Nonetheless, the film does, for me, accomplish two major goals, which, planned or not, I can’t complain about. First, it makes me want to pull my own copy of the book off the shelf and give it a thorough read, and second, it really makes me want to spend more time exploring Hitch’s films, especially those which I have, up until this point not gotten around to seeing.
In other words, don’t be surprised if, as a result of my watching this doc, you wind up seeing more reviews of the master’s works in the near future.
Ridiculous though it was, the original Independence Day is widely credited with really solidifying the concept of the Wide-screen, Wide-release Summer Blockbuster. Whether that’s a good thing or a bad thing depends, I suppose, upon your perspective. (I suspect those of you who know me or are long-time readers can guess where I stand on the subject.) Actually I have always considered the original a fairly decent grab some popcorn, check your brain at the door, and just let the movie be what it’s going to be kind of film, and there is a place for those.
Anyway, here we are (or at least will be next year), 20 years later, and the sequel Independence Day: Resurgence will finally be hitting theaters. I say “finally” not because this is something I (or many other people I suspect) have been waiting for with baited breath, (which is a good thing because by now that bait would probably be getting pretty smelly) but because it’s really quite surprising that it’s taken so long.
But, I suppose that’s just another sign of where we are in the course of these theatrical releases.
As far as the trailer goes, It sets up the premise pretty well, gives us a good feel for who’s coming back and who isn’t, and does a good job of showing how much the stakes have been raised since the events of the first film. Now we just have to hope that the film itself can deliver on what it promises.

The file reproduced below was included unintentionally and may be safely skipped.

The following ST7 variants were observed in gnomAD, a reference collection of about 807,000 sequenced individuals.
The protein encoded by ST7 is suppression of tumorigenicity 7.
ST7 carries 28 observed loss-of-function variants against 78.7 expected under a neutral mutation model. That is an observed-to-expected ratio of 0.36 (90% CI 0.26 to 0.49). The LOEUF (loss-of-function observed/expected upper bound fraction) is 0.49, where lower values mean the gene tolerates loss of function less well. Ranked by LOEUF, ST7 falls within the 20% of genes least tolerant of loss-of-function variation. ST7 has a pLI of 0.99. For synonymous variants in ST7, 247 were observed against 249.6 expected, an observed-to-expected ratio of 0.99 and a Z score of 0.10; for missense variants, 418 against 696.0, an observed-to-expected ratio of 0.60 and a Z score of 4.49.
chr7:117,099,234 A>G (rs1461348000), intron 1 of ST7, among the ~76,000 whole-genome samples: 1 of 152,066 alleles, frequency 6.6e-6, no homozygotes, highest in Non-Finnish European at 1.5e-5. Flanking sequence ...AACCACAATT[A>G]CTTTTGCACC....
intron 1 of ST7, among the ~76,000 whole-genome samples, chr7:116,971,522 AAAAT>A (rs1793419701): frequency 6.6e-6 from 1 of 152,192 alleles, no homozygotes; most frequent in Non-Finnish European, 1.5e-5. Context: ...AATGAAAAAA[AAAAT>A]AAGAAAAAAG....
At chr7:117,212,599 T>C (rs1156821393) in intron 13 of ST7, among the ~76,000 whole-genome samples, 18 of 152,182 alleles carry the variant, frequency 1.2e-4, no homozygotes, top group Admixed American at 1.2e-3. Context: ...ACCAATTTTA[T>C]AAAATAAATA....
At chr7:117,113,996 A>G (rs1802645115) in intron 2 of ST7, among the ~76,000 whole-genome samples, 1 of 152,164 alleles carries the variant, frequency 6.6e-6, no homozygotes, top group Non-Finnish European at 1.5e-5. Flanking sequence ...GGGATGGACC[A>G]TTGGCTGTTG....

In other words,, I’ve got my brain and my cellphone both turned off, so let’s see what you can deliver.
Spotlight is another of those movies that I’d really not planned on seeing since at first glance it seemed like one of those November/December movies that come out in time to get some Oscar consideration and are really in the category of “movies I should see” rather than “movies I want to see”, especially considering the subject matter is the sexual abuse of minors by priests in the Boston area and throughout the Catholic church.
However, after hearing some very positive word of mouth and taking a look at the cast list I decided to give it a go.
Fortunately, this is not one of those films that dwells on the tragedy and misery that is inherent in the subject. Instead, the focus is on the Spotlight team of investigative reports who work for the Boston Globe and who were instrumental in uncovering not only the story itself but the depth of the systemic corruption that allowed it to continue and the cover-up which was going on in the church itself.
In a lot of ways, the movie reminded me of the classic Watergate investigation film All the President’s Men.
One of the other things that one can’t help but think about while watching Spotlight is the importance of this kind of in depth investigative reporting, and, in today’s atmosphere of rush to print and being the first to cover something, and the wall-to-wall television coverage of “news” which leads to so much airtime being taken up by reporters basically saying things like “We don’t really know anything yet, but here’s a summary of what we don’t know” or to rushes to judgement and air or the internet with stories, speculation, and “facts” that ultimately prove later to be untrue or misinterpreted.
Again, fortunately, while this is definitely part of the subtext of the movie, it never becomes enough of the text that Spotlight begins to feel like it’s preaching on the matter.
Obviously, kudos to the cast all around, especially Michael Keaton who uses this movie to prove that he can still subsume the “Michael Keaton” character that was so much on display in Birdman to very effectively portray Spotlight team leader Walter “Robbie” Robinson and Mark Ruffalo who once again shows why he may very well be one of this generation’s best actors with his performance as reporter Michael Rezendez.
In the end, however, this is definitely an ensemble film, and the entire cast delivers just what they need to to contribute to the whole, and to yes, shine a spotlight on just how powerful true journalism can be.